Economics skills and security – Pillars of progress

South Africa as a whole, including the Western Cape, has not been able to achieve the targeted average 5.4% per annum gross domestic product growth rate since the launch of the National Development Plan in 2012. Anything close to 5% was last seen before the 2008 worldwide financial collapse. In the main what then constrained the economic growth of South Africa was the failure to develop economic planning and execution teams across the state machinery.

Macroeconomic policy formulation, modelling, and detailed planning, lack skills, in-depth and relevant economic data. That opens the door for thumb sucking by all state players in the economic arena. Most economic advisers across all spheres of the state are mere appendages and no real economic work is being done.

To replenish and create sufficient capacity in the economics sphere of the state, the presidency and national treasury must authorise the creation of a full technocratic arm of the state in charge of all policy, planning and execution. Somebody needs to be the chief investment
officer of South Africa with full powers to press the accelerator.

It must be clear how relevant data will be obtained and centralised. The SA Revenue Service, Reserve Bank, Stats SA Development Bank of Southern Africa, Industrial Development Corporation of SA, business bankers and many other agencies,  have to feed data into central repositories that are fully searchable and within easy reach of all planning and research institutions and universities.

Universities such as the University of Pretoria must be charged with making sure all skills relevant to modelling the macro-economy of South Africa are in hand and are replenished and enhanced every year. Vacancies must be anticipated and filled on time. Other universities and financial institutions can also
partner and cover other subsets of data and modelling. This must be linked to specialised and sector specific data,  modelling, planning and execution.

The Agricultural Research Council, working with relevant universities, can cover all aspects of agriculture. That pattern would have to be followed in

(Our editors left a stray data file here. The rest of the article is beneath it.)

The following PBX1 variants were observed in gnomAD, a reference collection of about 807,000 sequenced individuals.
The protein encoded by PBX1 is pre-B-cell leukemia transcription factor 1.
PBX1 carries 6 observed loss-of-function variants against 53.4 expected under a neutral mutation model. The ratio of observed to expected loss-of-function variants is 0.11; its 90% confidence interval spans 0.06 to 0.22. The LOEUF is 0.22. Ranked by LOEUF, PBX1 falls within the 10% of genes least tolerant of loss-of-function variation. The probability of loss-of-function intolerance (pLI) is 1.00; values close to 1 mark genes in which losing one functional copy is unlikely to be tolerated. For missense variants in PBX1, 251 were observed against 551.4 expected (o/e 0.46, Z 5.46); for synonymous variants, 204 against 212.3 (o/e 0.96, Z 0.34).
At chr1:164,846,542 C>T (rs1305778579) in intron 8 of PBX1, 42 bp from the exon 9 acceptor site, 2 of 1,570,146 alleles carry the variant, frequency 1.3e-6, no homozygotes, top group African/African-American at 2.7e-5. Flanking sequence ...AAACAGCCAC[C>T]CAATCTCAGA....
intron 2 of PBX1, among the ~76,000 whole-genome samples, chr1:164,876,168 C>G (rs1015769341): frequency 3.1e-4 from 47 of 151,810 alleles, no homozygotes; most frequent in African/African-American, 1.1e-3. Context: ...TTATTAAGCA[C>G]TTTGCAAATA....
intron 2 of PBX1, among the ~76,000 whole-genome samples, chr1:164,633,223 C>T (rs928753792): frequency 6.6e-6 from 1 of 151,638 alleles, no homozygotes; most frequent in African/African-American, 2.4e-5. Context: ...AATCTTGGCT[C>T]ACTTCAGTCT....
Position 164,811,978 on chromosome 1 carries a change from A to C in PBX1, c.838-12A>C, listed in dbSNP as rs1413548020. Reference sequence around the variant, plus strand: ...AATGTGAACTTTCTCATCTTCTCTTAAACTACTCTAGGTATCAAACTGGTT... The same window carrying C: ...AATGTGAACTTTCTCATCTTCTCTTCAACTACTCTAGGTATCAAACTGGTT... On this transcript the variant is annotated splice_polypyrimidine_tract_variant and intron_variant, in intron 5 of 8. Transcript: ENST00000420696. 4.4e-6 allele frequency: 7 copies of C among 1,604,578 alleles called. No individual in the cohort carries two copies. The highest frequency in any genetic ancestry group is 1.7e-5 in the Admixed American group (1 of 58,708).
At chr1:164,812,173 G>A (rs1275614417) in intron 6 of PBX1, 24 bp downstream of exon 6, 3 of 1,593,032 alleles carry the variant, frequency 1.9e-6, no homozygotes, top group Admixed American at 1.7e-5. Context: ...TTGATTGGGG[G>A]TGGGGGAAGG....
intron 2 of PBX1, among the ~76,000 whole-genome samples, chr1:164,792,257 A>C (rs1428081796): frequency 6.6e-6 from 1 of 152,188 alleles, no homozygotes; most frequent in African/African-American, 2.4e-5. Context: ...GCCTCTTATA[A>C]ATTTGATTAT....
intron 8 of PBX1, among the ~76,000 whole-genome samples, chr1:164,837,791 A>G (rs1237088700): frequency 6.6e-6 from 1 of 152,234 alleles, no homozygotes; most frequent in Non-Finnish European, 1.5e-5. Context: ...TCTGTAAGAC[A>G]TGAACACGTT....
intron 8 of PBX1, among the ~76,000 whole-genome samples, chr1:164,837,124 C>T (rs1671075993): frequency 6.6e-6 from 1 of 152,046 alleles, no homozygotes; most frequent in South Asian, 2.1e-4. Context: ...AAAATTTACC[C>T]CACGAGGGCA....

supply chain, logistics and transport to ensure the efficient movement of goods and people for the purpose of creating widespread economic development in South Africa and within the Southern African Development Community (SADC).

Presently the economic development units of all provinces and municipalities do not have full datasets to model their economies and do evidence-based economic development planning.

To make sure the data, models, and plans result in execution of economic development, provincial and municipal economic development units must have open communication and deal with all financial institutions, innovation institutions that may need commercialisation of their new products, venture capitalists and transaction advisers.

The collapse of the security cluster has increased the cost of doing business and undermined the country’s asset base and rate of economic development. There has been an unmitigated stripping of infrastructure for telecommunications, railways, and electricity distribution networks. Illegal Eskom connections and all other non-technical losses cost Eskom R22-billion a year. That says nothing about the economic losses accruing to property owners and local businesses undermined by the vandalised Eskom infrastructure.

It is the duty of the state to prevent all these losses through local police, empowered peace officers,  community police forums and properly deputised security companies with full powers of arrest. This must be accompanied by competent and well-trained prosecutors and investigators to ensure high conviction rates.

The railway infrastructure to support mining, agriculture, imports, and exports of all kinds has been seriously undermined by vandalism and long-term
under-investment by the state.

Public private partnerships are available and need to support an economic growth rate between 5% and 15% to keep up with other fast developing countries and eradicate poverty in SA.

This must go hand in hand with comprehensive risk management to counter any vandalism and terrorism in the transport sector. Today it is becoming increasingly impossible to run a bus company, or a road freight or trucking company because of open and blatant extortion, murder, robbery, arson and kidnapping of clients, operators and company directors or their families.

There is no country that prospers when the mafia groupings are allowed to operate freely and in partnership with politicians. The hijacking of lands and buildings is often perpetrated by slum lords, municipal councillors, corrupt police, and politicians of various types. All that need the re-establishment of law and order. That is another pillar of progress.


  • Swana is a political analyst, economist and a member of the 70s Group

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